I thought this was a good and different take on the perceived wisdom that blowing your top - at least in the office is not the right thing to do. It's seen a emotionally unintelligent and a 'derailer'
I see in this morning's Financial Times the headline 'Cultural failings leave BP engulfed'. Instantly I'm attracted to it to see if it would have been a useful case study to put in my new book. (It's too late now as yesterday it went to print. It's the Economist Guide to Organisation Culture and is coming out in mid-July). The piece opens with:
"In the storm of public and political fury that has hit BP in the US since the Deepwater Horizon disaster on April 20, the company's shortage of native knowledge of America and how it responds to crisis has been painfully exposed."
OK so I do cover the difficulties companies have in moving into new (for them) countries. The concepts of cultural fluency at an individual and organizational level are discussed. There are lots of examples of companies pulling out of countries that they didn't understand the culture of: Walmart leaving Germany is one, IKEA leaving Japan is another (although IKEA is now having a second go at Japan hopefully having learned some lessons).
On Friday I went to see the movie Office Space. Either it didn't come out in the UK or I missed it but here in the US it seems as if every office worker has seen either it or the Milton animated shorts on which it is based, a zillion times.
The film follows Peter Gibbons (Ron Livingston), a software engineer cubicle dweller at Initech. He has a frustrating commute, normally tiresome coworkers, an inane boss and a girlfriend that he's pretty sure is cheating on him. The bright spots in his life are his two friends at work, his neighbor, and the waitress at the local café.
This is yet another in the genre of Up in the Air, State of Play, and Outsourced all of which I've seen in the last year and all of which look at the idiocies and difficulties of organizational life. I guess that a film showing people enjoying their work, with good bosses, in pleasant environments wouldn't be a crowd drawer. But the fact that these films and related TV programs (Back to the Floor, Undercover Boss) and Dilbert (and Alex in the UK) cartoons are so popular is that office or work life really is as depicted for many people. Who hasn't been involved in a conversation like this one at some point?
Science Daily posted a research report last week titled Consumer Remorse: Difficult Choices Can Lead to Second-Guessing.
This found that "Consumers who choose between two good product options build a "positivity bubble" to justify their choices. But according to a new study in the Journal of Consumer Research, that bubble is easy to burst."
"From routine cereal-aisle shopping to expensive big-ticket purchases, consumers are often free to choose among many similarly attractive options," write authors Ab Litt and Zakary L. Tormala (Stanford University). "In these contexts, it can be difficult to resolve one's preferences to arrive at a purchasing decision."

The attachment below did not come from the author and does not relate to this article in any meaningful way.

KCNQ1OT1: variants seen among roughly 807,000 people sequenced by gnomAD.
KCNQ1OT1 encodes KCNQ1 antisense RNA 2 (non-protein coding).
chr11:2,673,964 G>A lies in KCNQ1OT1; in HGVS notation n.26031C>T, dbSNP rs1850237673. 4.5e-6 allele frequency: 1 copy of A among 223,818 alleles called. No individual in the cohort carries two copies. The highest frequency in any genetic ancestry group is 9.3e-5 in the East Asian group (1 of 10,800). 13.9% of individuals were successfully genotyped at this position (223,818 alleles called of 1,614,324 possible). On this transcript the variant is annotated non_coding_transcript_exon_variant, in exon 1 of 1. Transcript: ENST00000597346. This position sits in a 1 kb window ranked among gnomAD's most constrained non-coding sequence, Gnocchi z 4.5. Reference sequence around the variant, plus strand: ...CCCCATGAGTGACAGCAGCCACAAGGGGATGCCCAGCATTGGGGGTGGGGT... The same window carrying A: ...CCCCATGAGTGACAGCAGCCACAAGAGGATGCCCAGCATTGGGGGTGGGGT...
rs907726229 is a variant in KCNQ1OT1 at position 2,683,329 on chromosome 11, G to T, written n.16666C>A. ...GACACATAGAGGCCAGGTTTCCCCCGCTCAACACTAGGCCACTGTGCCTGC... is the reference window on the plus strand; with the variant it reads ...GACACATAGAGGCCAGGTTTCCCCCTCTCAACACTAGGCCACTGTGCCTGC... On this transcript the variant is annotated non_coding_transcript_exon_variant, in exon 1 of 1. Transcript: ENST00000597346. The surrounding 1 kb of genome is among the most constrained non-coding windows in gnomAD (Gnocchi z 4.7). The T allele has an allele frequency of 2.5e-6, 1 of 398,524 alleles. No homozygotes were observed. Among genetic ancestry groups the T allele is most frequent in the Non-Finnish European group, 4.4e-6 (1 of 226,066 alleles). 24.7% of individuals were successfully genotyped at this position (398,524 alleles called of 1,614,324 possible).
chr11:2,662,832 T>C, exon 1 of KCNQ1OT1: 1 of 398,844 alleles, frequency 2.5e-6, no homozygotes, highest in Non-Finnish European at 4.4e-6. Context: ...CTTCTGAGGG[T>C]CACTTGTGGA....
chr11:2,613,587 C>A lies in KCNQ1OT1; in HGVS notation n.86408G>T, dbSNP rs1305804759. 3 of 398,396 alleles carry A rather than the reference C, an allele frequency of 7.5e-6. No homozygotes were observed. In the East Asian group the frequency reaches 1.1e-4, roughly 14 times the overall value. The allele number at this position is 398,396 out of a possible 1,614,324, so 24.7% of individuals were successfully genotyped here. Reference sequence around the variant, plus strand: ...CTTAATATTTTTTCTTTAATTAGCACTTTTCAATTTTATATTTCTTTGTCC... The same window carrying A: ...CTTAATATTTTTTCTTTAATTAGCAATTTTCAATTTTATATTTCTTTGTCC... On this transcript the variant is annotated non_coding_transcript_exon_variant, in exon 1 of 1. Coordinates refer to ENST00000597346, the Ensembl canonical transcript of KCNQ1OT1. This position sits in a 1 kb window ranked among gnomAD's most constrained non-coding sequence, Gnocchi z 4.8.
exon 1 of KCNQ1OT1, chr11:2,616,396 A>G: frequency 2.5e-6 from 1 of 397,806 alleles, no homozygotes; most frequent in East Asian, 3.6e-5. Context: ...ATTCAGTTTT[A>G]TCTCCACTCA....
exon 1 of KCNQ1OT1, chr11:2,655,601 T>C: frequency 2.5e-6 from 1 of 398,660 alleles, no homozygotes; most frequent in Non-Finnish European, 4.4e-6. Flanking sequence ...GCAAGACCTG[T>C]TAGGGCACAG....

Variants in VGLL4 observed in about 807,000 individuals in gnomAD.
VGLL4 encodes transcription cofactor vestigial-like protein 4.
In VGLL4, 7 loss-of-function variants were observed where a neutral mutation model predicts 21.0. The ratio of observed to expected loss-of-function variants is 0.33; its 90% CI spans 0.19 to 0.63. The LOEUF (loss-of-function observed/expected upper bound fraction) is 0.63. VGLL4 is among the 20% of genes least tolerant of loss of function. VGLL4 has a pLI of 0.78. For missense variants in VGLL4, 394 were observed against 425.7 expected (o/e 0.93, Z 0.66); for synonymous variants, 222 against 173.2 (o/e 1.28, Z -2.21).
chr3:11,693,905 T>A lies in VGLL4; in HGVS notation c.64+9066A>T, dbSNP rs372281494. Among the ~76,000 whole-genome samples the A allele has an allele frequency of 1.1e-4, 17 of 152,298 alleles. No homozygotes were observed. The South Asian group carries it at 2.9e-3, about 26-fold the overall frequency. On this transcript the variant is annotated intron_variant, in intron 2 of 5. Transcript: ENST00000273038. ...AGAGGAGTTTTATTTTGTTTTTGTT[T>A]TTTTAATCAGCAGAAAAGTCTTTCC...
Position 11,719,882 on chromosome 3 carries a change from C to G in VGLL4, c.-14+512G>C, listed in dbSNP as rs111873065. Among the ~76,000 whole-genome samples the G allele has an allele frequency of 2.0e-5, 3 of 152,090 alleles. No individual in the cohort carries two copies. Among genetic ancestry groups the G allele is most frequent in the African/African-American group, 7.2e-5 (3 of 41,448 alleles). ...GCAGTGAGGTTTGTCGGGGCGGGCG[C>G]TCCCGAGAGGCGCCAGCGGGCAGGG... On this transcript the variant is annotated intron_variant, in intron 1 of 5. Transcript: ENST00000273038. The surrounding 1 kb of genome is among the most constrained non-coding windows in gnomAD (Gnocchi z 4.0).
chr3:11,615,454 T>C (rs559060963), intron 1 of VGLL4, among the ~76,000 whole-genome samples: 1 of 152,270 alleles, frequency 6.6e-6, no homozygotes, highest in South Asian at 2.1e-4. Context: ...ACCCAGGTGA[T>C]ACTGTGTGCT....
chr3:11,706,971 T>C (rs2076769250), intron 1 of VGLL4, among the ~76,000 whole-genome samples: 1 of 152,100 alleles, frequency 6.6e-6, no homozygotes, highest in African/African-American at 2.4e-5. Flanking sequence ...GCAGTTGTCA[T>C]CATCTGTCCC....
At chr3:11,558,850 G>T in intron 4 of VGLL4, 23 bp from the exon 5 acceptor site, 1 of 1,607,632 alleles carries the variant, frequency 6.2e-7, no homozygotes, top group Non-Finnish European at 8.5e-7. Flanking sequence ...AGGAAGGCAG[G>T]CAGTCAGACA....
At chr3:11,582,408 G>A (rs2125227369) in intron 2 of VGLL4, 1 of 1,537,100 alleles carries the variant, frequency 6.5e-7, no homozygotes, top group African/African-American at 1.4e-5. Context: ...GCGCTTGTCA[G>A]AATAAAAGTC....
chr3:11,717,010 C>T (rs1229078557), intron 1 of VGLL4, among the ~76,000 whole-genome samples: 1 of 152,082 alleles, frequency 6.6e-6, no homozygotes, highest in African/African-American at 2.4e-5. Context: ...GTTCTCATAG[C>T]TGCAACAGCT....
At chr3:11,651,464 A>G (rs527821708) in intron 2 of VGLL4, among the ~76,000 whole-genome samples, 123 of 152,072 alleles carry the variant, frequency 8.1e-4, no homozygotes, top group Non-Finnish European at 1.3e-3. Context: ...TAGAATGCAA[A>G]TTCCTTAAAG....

Someone taking on a new leadership role emailed me with this question:
I have interesting challenge in this new role. I have to take the leadership role of a troubled account. In my view, in order to get the account back on track there should only be one leader. In our company culture that will be a problem as the leader that failed will want to keep control. Thus, I have interesting challenge in this new role. Have you any thoughts on how to handle it?
This is not a lot of information to go on so in the first instance I would like the questioner to tell me a bit more about:
Someone sent me a piece on selecting leaders. It's an interesting piece, as I took it, on different perspectives and expectations.
The nub of the paper is this:
... "boards and CEOs are perfectly willing to consider CEOs who have failed in past CEO roles as viable candidates for a CEO position. A CEO with a record for disastrous corporate results is an acceptable person to not only be interviewed, but to be hired as the best leader. The reasoning they cite is CEOs learn much by their failures and can bring these lessons to the new role and - ultimately - perform better.
Contrarily, the same board members or CEOs use exactly the opposite logic when it comes to CFO candidates. When a CFO candidate has a mark on his or her record for a failing experience, they say "absolutely no" and cut him or her from the list for consideration."
Successfully joining a new organization is often a challenge. It means getting to grips not just with the job content, the admin stuff - like where are the printer toner cartridges kept - but also with the 'way things are done round here'. At any level this is difficult but for senior people it seems to be even more problematic as they are expected to 'hit the ground running' in both job performance and socialization.
My doctoral research was on this topic and from it I wrote a series of checklists to help senior new hire integrate successful into a new organization. (Available from the UK's Chartered Institute of Management - numbers 202 - 210)
Standing in the checkout line in a supermarket the other day, I witnessed an interaction between two till operators. One didn't know how to complete a transaction and was asking the other for help. The second one did help but in an accusing way, calling the first employee a "silly cow" and asking why she was put on the till when she didn't know how to make a simple transaction.
A third employee stepped in and pointed out that it was an unusual type of transaction and the first employee was fairly new on the job. That whole incident set me wondering about the effect of this kind of incident on all involved.